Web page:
Halaqa Notes

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Contemplation

Wisdom 263:

“Contemplation is the lamp of the heart. When it goes away, there is no light for it.”

 

الفِكْرَةُ سِراجُ القَلْبِ، فَإذا ذَهَبَتْ فَلا إضاءَةَ لَهُ.

 

Wisdom 264:

“Contemplation is of two types: (1) contemplation of belief and faith, and (2) contemplation of witnessing and seeing. The first is for those who are apt to learn lessons [from what they see] and the second is for those that experience the vision [of Allah] and have insight.”

 

الفِكْرَةُ فِكْرَتانِ: فِكْرَةُ تَصْديقٍ وَإيمانٍ، وَفِكْرَةُ شُهودٍ وَعِيانٍ. فَالأُولى لِأَرْبابِ الاعْتِبارِ، وَالثّانِيَةُ لِأَرْبابِ الشُّهودِ وَالاسْتِبْصارِ.

 

 

Wisdom 12:

“Nothing benefits the heart like solitude through which it enters the plain of thought.”

 

ما نَفَعَ القَلْبَ شَئٌ مِثْلُ عُزْلةٍ يَدْخُلُ بِها مَيْدانَ فِكْرَةٍ.

 

Commentary:

Dhikr, or remembrance of Allah, tends to have a cumulative effect on the soul. An analogy to this is that of digging a hole in your backyard where the sand is dry. If you stop in the middle of it and don’t keep digging, the dirt will return and cover the hole up. So to keep progressing, you have to be consistent and also be patient in your dhikr or anything good that you’re doing in life.

There is a quote from Ibn al-Qayyim (rahmatullahi ‘alayh), where he compared our level of dhikr to a light in the heart. Some have a small candle burning, others have the light of the moon radiating from within them.

Dhikr may be uttering words out loud or to yourself as you remember Allah, but there is also the concept of meditation which the Prophet (salla Allahu ‘alayhi wa sallam) did often. This is called tafakkur, to meditate often. Abu Darda (radiallahu ‘anhu) was described to have spent the majority of his time in quiet meditation.

 

Reflect upon things often, and you will see yourself grow as a person with time.

Seizing The Present

Wisdom 18:

“Your postponement of deeds till the time when you are free is one of the frivolities of the ego.”

 

إحالَتُكَ الأعْمالِ عَلى وٌجودِ الفَراغِ مِن رُعُوناتِ النَفْسِ

 

 

Commentary:

Ibn Ata’illah (rahmatullahi ‘alayh) has advised us to try to observe and remember Allah (subhanahu wa ta’ala) in everything we do, rather than becoming people who remember Allah "on a later day" when we've achieved certain worldly milestones, like finishing school, engaging in marriage, etc.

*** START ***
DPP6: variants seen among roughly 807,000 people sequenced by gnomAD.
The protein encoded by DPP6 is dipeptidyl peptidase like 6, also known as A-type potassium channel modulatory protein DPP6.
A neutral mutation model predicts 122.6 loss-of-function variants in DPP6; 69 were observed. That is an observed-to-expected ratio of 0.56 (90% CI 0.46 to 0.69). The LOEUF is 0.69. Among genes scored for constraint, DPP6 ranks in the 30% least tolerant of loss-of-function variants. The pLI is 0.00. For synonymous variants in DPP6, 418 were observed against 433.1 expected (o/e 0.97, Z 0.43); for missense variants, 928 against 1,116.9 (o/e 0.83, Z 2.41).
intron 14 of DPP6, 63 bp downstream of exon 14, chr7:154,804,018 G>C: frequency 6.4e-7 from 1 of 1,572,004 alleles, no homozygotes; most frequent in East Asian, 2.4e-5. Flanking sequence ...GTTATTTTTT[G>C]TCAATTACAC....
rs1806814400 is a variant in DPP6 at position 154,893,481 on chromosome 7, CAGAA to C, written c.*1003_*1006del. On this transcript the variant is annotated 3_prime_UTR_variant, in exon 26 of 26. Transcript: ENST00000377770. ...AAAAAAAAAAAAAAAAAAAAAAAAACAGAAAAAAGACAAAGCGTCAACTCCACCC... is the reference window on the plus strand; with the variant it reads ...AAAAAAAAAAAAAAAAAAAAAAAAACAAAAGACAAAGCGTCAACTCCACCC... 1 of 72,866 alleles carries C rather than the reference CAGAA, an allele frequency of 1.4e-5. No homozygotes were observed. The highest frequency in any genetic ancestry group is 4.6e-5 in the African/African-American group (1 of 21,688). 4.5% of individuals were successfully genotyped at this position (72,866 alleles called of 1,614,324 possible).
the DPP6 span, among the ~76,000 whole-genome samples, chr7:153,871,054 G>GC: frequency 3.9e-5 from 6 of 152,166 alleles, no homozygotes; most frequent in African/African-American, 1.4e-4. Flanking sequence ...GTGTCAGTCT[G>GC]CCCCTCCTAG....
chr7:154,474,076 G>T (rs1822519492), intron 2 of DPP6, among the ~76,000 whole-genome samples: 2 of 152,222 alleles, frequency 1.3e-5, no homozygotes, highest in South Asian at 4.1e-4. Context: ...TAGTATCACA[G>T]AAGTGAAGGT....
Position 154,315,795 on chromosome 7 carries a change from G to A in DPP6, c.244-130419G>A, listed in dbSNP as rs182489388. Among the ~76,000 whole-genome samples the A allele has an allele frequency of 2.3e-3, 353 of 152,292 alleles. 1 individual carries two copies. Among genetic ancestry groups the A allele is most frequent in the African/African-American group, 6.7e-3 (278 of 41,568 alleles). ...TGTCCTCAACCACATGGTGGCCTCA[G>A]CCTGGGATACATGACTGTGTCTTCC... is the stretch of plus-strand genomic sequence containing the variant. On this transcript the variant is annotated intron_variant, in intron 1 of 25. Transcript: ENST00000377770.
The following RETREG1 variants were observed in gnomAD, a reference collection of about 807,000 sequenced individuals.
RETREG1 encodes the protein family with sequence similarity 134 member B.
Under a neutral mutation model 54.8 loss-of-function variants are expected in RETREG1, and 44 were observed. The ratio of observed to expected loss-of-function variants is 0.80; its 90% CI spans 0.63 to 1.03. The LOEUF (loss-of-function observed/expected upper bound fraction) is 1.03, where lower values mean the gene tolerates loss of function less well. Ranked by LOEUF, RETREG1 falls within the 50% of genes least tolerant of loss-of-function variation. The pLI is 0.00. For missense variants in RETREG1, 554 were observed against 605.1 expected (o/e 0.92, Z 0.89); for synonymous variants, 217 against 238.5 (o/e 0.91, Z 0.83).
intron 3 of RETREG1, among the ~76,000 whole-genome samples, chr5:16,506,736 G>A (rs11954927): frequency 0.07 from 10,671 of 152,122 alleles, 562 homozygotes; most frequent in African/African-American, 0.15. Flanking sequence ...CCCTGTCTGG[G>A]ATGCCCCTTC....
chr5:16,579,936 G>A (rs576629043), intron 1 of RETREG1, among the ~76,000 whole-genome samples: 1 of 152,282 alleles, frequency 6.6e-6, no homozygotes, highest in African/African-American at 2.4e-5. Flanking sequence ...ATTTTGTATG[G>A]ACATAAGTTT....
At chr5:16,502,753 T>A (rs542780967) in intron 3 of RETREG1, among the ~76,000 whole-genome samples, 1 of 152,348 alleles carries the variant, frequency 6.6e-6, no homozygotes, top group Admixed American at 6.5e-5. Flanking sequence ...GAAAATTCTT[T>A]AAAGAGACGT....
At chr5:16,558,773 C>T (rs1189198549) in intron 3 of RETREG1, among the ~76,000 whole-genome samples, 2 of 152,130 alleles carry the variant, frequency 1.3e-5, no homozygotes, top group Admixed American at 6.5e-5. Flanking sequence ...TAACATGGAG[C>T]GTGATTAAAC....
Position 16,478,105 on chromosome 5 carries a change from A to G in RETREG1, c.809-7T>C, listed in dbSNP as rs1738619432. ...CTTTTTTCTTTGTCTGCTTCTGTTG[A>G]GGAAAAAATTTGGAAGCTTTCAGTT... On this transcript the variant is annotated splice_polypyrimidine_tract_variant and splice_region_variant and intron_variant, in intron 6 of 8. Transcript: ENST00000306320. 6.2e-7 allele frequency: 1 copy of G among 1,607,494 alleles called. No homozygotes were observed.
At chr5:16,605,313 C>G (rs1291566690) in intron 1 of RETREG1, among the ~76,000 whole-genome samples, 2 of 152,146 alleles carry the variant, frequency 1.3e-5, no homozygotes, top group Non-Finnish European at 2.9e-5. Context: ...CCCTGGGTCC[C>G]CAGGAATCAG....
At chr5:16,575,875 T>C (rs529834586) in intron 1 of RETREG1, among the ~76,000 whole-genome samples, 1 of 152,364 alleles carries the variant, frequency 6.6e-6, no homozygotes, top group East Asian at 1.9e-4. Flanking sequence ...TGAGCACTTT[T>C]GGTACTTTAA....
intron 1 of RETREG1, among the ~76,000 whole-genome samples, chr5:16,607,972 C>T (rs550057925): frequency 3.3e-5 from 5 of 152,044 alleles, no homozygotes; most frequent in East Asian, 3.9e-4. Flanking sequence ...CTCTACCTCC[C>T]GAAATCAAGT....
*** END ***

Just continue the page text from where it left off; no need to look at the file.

One of the prominent scholars had come up with the concept of a "time block", where you think of your day as a set number of moments. During each moment, you take out a few seconds or minutes to think of Allah.

 

We think we are busy and we might be. Think of the major activities in your day as large stones inside of a jar. The jar represents your day. To fill that jar further, you could take some smaller pebbles and fill in remaining spaces. After that, you could still fill in more spaces with sand. Even further, you could add water. Therefore, capitalize on seemingly trivial moments, like waiting for an elevator or waiting on hold on the phone, to remember Allah.

Neediness before God

Wisdom 175:

“It may be that you find more benefit in a state of need or poverty than in fasting and prayer [good deeds]."

رُبّما وَجَدْتَ مِنَ المَزيدِ في الفاقاتِ ما لَمْ تَجِدْه ُ في الصَّومِ وَالصَّلاةِ

Commentary:

The state of poverty described above is that of a seeker in relation to Allah (subhanahu wa ta’ala). Meaning, she or he should have a similar attitude towards Allah the way a poor person humbles himself to a wealthy individual when trying to show how much he is in need. With this, we are advised to memorize the du’aa of Musa (‘alayhis salaam) as reported in the Qur’an:

 

Surat al-Qasas 28:24

 

فَسَقَىٰ لَهُمَا ثُمَّ تَوَلَّىٰٓ إِلَى ٱلظِّلِّ فَقَالَ رَبِّ إِنِّى لِمَآ أَنزَلْتَ إِلَىَّ مِنْ خَيْرٍ فَقِيرٌ

 

‘So he (Mūsā) watered (their animals) for them, then he turned to a shade and said, “My Lord, I am in need of whatever good you send down to me.”’

 

 

We can compare this to another aphorism, which states that:

 

"One should not rely on his deeds or his dhikr to obtain good, rather rely on Allah's mercy alone to obtain that good."

 

Meaning, if you are on time to Fajr prayer every day at the masjid while feeling the pride of having done that good deed, that is worse for you than having missed a good deed or sinned followed by a feeling of humility about it in your heart as a result. (This is an explanation of the states of the hearts of the two individuals, and that one state (humility) is better than the other (pride); this should not be taken as something used to encourage sinning).

 

The best path to Allah is to show Him your state of poverty, your desperate need for Him. Empty your container of ego as you approach Him, so that He may fill it with mercy and forgiveness.

Humility before God

Wisdom 238:

"He who attributes humility to himself, then he is truly the proud one, for humility only comes from a sublime state. And if you attribute yourself to a sublime state, then you are truly arrogant."